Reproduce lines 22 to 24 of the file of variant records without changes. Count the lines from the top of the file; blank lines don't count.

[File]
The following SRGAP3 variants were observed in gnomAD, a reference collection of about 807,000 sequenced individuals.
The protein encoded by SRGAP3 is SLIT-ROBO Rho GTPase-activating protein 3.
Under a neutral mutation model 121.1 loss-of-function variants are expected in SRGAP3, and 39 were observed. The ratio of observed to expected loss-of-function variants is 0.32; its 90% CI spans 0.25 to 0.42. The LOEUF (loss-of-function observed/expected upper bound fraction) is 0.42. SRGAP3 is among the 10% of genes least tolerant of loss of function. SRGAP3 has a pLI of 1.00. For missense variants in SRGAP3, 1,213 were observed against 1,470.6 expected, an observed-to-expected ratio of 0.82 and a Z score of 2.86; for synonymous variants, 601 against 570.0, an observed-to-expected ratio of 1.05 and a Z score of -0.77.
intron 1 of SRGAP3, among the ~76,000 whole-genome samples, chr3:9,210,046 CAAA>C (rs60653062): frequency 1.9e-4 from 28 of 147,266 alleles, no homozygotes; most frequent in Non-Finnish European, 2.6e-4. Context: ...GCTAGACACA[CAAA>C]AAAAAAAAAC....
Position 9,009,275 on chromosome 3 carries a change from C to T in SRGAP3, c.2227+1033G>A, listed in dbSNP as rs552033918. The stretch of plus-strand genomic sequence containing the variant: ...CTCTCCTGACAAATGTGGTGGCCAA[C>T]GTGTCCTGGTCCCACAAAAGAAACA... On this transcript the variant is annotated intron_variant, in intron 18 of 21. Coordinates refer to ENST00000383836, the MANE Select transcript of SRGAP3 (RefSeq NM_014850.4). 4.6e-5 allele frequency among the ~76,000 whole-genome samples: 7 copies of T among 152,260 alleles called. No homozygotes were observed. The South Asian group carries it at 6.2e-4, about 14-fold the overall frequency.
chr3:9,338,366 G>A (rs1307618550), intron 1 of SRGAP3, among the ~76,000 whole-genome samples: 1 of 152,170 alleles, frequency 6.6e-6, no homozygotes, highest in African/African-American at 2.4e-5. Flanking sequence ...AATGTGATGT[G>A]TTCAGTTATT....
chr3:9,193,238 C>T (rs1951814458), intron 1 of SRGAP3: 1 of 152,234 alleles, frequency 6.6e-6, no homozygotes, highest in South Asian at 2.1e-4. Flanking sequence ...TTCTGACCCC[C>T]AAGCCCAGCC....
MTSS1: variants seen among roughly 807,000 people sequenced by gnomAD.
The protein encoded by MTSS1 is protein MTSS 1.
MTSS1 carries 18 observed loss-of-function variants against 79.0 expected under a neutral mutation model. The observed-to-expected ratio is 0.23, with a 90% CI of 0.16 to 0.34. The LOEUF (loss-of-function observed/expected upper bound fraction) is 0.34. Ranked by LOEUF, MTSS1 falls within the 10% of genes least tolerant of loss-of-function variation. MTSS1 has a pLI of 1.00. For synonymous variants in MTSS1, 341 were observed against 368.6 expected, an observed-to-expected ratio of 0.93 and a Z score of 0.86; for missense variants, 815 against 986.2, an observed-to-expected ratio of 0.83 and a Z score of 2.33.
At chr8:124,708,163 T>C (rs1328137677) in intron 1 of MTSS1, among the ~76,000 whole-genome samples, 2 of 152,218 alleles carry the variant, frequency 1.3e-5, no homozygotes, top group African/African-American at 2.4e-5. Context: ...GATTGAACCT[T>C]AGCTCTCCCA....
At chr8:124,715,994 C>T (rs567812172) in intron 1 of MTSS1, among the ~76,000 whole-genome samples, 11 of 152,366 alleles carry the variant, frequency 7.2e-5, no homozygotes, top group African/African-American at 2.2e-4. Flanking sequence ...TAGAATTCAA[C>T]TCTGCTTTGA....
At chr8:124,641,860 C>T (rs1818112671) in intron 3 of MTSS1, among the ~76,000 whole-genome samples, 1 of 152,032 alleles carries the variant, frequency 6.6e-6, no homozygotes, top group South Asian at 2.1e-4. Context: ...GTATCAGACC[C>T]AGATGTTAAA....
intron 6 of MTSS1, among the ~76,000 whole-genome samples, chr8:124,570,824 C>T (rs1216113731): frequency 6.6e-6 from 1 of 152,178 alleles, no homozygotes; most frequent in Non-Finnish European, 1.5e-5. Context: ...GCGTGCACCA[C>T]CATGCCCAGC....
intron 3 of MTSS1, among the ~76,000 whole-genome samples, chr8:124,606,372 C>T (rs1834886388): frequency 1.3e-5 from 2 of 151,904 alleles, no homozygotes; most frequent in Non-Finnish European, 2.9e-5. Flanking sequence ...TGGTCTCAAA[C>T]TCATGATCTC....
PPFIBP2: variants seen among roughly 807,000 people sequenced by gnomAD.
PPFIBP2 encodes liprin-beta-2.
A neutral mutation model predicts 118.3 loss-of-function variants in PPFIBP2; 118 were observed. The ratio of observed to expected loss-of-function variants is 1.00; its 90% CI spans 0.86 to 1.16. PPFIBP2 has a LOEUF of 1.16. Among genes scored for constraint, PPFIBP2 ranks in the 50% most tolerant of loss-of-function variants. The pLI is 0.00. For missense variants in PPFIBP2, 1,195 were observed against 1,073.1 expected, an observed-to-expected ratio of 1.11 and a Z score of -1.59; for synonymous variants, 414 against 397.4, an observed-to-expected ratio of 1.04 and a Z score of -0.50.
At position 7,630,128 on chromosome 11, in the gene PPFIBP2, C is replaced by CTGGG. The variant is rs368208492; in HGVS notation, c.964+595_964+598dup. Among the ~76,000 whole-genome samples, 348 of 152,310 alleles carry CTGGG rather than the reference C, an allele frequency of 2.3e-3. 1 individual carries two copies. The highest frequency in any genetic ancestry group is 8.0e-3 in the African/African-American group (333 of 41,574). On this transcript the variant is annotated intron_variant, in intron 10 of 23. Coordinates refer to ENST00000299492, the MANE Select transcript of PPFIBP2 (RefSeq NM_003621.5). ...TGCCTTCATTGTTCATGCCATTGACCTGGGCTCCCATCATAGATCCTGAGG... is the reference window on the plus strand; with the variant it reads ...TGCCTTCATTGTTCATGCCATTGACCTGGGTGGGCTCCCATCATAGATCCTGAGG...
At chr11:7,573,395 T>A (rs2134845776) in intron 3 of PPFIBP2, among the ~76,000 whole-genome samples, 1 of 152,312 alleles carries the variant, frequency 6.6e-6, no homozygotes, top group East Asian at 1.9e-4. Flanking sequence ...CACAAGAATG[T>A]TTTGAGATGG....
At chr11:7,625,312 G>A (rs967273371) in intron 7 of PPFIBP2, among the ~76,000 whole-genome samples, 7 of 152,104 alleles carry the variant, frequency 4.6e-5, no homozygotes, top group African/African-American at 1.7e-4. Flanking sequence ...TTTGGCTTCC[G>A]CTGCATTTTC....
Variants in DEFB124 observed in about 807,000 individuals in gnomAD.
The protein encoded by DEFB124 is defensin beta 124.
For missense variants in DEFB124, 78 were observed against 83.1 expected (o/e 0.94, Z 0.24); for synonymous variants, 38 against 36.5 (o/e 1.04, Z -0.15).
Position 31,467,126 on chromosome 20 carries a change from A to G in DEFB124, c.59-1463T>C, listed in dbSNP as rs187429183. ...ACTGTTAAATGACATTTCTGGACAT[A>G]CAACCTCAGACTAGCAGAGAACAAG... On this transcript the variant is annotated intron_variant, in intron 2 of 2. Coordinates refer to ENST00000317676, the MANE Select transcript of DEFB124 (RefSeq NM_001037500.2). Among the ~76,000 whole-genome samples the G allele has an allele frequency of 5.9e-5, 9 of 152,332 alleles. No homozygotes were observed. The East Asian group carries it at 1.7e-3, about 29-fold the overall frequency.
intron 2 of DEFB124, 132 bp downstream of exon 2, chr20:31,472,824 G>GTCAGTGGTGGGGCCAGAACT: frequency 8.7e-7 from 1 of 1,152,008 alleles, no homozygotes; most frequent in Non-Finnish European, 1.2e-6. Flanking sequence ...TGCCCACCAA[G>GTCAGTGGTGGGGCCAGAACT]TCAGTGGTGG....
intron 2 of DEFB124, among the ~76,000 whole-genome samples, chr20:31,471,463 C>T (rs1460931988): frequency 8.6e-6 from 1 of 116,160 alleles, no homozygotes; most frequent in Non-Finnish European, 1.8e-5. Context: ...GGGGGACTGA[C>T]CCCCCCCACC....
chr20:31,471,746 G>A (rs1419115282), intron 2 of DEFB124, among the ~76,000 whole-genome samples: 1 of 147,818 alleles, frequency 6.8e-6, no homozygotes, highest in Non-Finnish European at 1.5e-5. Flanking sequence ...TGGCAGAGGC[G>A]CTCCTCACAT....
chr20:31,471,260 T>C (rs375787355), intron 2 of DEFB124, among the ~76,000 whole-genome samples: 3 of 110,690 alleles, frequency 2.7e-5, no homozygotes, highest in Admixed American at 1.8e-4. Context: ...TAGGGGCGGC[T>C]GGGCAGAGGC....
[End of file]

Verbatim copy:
Variants in DEFB124 observed in about 807,000 individuals in gnomAD.
The protein encoded by DEFB124 is defensin beta 124.
For missense variants in DEFB124, 78 were observed against 83.1 expected (o/e 0.94, Z 0.24); for synonymous variants, 38 against 36.5 (o/e 1.04, Z -0.15).